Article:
When you must step forward and defend the gospel against poisonous teachers, defend it with all the grace that inheres within the gospel itself.
We must do the Lord’s work the Lord’s way. It is not enough for us to identify a misleading voice, and then just do or say whatever feels right. As Jonathan Edwards warned us, “There is nothing that belongs to Christian experience more liable to a corrupt mixture than zeal.” Peter illustrates the folly of misplaced zeal. When the enemies of Jesus attacked, the apostle rose up in defense. His heart was doubtless in the right place. But what did he actually do? He drew his sword, proving not how brave he was but only how foolish (John 18:10–11).
Francis Schaeffer used to say that, after debating with a liberal theologian, he hoped the liberal would walk away with two equally clear impressions: one, Francis Schaeffer really disagreed with him; two, Francis Schaeffer really cared about him. So the truth was defended, and the person was respected. Can gospel people settle for less?
And then, if we must critique a fellow Christian, it becomes all the more important to be considerate and restrained, for that Christian is a member of Christ himself. Rather than go quickly to the nuclear option by charging him or her with heresy, we should slow down and cautiously articulate our concerns such that the erring brother or sister might actually be won over—not embarrassed, pressured, or cornered, but persuaded.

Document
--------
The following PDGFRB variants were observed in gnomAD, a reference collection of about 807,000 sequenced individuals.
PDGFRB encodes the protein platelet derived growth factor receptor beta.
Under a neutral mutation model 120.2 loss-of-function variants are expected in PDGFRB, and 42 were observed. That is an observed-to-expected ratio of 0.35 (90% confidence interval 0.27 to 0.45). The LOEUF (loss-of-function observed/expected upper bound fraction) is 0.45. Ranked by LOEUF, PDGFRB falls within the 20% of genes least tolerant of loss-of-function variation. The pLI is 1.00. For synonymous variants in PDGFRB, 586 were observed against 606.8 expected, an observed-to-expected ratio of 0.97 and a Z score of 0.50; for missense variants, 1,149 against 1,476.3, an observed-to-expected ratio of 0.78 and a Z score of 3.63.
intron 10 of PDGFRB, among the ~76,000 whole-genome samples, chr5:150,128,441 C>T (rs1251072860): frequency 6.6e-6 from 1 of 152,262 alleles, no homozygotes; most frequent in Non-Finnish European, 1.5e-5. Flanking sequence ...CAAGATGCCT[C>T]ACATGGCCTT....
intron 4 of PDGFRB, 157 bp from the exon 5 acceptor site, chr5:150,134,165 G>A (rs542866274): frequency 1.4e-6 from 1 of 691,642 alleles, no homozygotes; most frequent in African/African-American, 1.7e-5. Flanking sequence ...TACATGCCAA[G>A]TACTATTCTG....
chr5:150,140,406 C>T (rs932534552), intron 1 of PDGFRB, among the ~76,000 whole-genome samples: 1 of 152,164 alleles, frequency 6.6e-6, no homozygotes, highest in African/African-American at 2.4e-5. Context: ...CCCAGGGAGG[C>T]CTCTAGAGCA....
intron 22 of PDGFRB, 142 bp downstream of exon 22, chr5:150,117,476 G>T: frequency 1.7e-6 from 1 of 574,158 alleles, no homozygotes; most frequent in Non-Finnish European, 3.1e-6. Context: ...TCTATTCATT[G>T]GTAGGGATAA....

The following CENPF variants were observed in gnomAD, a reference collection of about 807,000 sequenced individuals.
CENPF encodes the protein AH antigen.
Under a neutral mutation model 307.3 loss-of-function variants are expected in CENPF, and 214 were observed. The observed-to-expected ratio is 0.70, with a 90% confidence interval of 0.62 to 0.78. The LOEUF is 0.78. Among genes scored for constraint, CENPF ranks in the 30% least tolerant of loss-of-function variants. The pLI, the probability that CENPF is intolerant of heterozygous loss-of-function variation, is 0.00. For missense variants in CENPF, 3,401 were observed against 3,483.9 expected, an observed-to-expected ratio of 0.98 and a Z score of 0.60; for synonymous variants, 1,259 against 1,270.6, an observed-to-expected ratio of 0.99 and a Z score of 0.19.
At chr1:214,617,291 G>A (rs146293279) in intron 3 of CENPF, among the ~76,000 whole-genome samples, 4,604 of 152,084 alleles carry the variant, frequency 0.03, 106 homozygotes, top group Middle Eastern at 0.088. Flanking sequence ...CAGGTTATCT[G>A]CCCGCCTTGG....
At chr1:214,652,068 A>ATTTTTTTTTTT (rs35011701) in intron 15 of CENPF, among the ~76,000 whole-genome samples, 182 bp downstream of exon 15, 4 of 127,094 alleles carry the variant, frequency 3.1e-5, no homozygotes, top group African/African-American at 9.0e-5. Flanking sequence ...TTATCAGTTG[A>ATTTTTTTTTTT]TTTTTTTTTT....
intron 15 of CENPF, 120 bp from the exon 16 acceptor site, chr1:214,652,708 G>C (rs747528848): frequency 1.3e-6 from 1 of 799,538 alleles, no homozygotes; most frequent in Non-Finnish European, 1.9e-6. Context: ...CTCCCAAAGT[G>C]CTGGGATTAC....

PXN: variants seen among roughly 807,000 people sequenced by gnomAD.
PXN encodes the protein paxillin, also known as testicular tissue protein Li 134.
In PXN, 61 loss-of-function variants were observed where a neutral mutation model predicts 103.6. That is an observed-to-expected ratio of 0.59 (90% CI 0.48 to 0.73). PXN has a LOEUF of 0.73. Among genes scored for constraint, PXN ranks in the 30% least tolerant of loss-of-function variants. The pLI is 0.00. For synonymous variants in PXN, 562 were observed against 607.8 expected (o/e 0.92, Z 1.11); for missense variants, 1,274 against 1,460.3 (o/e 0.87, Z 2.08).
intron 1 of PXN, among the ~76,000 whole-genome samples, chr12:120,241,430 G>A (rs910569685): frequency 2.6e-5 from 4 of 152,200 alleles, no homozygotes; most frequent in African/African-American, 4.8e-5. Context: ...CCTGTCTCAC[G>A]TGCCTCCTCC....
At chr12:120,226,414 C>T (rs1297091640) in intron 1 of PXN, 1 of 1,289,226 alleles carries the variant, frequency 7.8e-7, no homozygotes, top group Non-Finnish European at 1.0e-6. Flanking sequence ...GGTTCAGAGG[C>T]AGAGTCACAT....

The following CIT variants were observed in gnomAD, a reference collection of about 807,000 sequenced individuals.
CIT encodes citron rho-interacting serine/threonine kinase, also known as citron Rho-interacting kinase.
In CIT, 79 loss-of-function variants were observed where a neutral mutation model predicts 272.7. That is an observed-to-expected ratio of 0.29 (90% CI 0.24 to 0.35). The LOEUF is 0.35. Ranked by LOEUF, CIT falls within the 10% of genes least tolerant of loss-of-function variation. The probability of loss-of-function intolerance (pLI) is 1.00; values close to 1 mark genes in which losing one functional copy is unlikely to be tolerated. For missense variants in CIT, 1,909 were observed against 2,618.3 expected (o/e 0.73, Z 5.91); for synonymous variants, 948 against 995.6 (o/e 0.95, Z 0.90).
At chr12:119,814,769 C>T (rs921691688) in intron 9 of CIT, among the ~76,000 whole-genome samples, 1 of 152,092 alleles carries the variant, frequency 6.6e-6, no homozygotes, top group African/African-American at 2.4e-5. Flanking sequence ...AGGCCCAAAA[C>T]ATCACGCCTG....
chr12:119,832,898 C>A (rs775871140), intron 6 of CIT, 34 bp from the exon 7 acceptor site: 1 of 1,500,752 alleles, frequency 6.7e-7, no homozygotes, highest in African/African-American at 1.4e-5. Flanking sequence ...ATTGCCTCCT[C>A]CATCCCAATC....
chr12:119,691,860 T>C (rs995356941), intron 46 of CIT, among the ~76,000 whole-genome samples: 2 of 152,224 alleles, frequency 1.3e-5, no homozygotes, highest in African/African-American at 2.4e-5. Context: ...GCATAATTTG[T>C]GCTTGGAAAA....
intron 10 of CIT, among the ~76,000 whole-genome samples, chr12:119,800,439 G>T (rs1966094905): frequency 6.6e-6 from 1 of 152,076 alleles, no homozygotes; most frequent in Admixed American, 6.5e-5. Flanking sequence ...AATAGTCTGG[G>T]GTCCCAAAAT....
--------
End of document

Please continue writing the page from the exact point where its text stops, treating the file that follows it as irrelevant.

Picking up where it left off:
If, however, we plunge ahead without taking great care to bring a winsome argument, we must honestly examine our own professed love for the truth. What is it that we want, really? What is it that’s burning inside? Is it the Holy Spirit?
Ugliness Can’t Defend Beauty
Perhaps all of us have witnessed scenes of accusation and interrogation among Christian believers that did not at all appear to be moved along by the Holy Spirit of God. We saw no beauty there, no humaneness, nothing of Christ. It made the kingdom of heaven feel more like the regions of hell.
How can ugliness defend the beauty of the gospel? Francis Schaeffer again counsels us wisely and compellingly:
There is only one kind of man who can fight the Lord’s battles in anywhere near a proper way, and that is the man who by nature is unbelligerent. A belligerent man tends to do it because he is belligerent; at least it looks that way. The world must observe that, when we must differ with each other as true Christians, we do it not because we love the smell of blood, the smell of the arena, the smell of the bullfight, but because we must for God’s sake. If there are tears when we must speak, then something beautiful can be observed.
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